Towards a Theory of Fair Interest Rates on Microcredit
AbstractOne of the most salient ethical debates concerning microcredit pertains to the unexpectedly high rates of interest charged on microloans. Microcredit is supposed to be to the advantage of borrowers in some of the poorest regions of the world, but at the same time commercial institutions need to cover their comparably high costs. This article seeks to find a theoretical basis for a more balanced way of setting prices on microcredit; i.e. a theory of fairness in interest rates. By drawing on both contemporary debates in the industry as well as more general philosophical ideas, the article discusses four main theoretical approaches. In the end the authors favour a combination of consequentialism and liberal egalitarianism which seems able to adequately balance the needs of the institutions with the needs of the clients. However it is also acknowledged that further research in the area is needed.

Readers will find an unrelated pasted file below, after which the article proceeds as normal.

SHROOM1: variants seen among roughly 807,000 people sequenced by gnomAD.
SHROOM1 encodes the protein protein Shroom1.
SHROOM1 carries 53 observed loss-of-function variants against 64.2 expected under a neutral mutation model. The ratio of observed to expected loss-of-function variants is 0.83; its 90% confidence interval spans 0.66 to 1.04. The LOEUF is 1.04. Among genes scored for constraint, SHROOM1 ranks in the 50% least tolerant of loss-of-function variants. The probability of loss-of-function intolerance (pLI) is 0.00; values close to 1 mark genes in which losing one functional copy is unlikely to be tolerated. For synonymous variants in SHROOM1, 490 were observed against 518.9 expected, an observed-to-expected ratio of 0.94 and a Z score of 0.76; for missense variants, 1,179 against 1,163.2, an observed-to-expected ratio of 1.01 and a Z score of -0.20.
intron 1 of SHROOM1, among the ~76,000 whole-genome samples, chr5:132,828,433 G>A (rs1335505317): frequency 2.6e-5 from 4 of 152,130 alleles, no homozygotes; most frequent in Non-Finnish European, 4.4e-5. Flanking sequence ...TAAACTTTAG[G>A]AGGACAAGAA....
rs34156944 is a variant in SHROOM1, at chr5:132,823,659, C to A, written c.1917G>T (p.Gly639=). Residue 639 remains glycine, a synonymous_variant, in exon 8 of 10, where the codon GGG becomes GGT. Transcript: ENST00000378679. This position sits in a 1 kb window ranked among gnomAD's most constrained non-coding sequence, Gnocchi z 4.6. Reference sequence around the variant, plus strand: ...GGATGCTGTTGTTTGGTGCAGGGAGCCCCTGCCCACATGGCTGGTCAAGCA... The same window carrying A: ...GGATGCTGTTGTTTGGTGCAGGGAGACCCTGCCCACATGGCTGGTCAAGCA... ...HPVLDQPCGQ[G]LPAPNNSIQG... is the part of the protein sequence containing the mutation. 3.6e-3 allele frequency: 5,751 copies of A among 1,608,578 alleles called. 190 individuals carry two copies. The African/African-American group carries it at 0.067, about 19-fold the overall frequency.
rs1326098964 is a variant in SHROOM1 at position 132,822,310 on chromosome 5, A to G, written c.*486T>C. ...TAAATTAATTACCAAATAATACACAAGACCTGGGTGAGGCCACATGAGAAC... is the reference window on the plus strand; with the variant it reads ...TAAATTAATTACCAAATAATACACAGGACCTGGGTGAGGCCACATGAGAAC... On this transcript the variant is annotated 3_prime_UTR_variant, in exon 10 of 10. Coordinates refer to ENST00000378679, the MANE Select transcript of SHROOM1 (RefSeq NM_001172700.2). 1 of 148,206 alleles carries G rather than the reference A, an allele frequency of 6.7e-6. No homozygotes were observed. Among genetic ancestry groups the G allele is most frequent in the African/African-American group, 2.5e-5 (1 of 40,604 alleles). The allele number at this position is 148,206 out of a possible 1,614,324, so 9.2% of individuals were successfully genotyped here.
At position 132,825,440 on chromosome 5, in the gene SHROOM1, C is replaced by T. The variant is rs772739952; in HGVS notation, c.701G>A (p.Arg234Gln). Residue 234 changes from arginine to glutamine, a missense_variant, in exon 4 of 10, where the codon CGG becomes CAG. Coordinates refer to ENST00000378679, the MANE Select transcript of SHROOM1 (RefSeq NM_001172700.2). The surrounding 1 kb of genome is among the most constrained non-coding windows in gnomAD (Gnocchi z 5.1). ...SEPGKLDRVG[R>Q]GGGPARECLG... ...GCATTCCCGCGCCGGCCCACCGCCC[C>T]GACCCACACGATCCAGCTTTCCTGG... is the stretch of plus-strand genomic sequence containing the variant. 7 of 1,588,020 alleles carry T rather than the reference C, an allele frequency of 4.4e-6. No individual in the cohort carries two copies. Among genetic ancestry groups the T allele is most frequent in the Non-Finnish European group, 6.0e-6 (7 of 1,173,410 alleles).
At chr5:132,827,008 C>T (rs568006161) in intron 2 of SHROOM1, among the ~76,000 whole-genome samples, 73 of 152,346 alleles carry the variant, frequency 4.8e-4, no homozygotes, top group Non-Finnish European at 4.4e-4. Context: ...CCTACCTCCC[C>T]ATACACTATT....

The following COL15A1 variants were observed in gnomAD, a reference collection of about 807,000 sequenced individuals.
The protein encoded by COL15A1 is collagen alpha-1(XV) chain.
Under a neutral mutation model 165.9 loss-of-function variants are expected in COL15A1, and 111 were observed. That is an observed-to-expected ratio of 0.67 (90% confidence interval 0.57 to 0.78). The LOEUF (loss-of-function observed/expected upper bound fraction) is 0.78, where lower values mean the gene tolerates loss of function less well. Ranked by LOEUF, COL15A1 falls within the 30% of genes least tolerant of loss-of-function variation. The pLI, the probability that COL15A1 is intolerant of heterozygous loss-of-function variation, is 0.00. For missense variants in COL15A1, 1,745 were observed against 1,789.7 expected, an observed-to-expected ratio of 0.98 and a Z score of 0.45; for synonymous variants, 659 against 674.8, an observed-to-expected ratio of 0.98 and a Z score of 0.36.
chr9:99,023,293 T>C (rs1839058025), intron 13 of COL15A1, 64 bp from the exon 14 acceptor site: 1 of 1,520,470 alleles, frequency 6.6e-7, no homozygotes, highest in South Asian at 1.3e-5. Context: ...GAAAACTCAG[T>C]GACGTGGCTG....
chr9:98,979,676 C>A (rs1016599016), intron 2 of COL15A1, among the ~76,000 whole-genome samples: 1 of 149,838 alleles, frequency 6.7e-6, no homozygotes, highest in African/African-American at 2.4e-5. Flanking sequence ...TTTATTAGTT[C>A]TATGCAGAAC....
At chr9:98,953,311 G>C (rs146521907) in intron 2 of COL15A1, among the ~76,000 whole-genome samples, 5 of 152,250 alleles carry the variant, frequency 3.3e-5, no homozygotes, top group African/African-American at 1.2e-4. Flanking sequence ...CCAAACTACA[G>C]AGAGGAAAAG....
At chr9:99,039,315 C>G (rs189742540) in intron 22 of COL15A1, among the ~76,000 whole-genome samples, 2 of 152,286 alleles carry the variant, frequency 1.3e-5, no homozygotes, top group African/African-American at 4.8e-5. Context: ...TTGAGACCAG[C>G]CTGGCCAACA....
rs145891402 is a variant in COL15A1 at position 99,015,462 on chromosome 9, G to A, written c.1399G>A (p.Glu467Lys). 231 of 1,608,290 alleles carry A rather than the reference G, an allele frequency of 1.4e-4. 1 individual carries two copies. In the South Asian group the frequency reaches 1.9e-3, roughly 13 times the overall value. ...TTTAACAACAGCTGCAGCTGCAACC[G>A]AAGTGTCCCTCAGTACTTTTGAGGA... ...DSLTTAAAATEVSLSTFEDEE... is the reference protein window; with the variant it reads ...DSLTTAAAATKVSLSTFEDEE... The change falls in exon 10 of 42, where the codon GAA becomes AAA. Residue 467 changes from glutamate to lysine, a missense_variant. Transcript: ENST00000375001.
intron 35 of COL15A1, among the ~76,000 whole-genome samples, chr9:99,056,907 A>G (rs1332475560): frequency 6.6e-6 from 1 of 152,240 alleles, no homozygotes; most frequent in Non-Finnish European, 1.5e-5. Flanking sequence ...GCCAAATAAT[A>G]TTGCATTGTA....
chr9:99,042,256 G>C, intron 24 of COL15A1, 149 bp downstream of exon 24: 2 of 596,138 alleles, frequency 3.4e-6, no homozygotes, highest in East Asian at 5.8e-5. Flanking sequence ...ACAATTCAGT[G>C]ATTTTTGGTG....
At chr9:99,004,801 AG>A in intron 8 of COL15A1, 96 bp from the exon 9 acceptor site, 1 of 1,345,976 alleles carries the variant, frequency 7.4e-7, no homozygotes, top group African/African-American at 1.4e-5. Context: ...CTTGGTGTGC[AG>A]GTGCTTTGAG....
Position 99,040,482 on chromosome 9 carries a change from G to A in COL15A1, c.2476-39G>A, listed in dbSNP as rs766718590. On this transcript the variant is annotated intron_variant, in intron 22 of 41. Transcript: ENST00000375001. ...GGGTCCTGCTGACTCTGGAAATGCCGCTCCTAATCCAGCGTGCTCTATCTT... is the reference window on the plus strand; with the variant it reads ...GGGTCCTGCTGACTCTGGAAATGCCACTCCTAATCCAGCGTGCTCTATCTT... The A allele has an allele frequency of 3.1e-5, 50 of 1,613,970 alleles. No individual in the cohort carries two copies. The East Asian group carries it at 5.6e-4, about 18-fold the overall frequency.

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Bibliographic InfoPaper provided by ULB -- Universite Libre de Bruxelles in its series Working Papers CEB with number 11-019.
Length: 32 p.
Date of creation: Jun 2011
Date of revision:
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justice; microfinance; interest rate; usury;
Find related papers by JEL classification:
- L31 - Industrial Organization - - Nonprofit Organizations and Public Enterprise - - - Nonprofit Institutions; NGOs
- M54 - Business Administration and Business Economics; Marketing; Accounting - - Personnel Economics - - - Labor Management
- O16 - Economic Development, Technological Change, and Growth - - Economic Development - - - Financial Markets; Saving and Capital Investment; Corporate Finance and Governance
- Q14 - Agricultural and Natural Resource Economics; Environmental and Ecological Economics - - Agriculture - - - Agricultural Finance
This paper has been announced in the following NEP Reports:
- NEP-ALL-2011-06-25 (All new papers)
- NEP-HME-2011-06-25 (Heterodox Microeconomics)
- NEP-HPE-2011-06-25 (History & Philosophy of Economics)
- NEP-MFD-2011-06-25 (Microfinance)
- NEP-PKE-2011-06-25 (Post Keynesian Economics)
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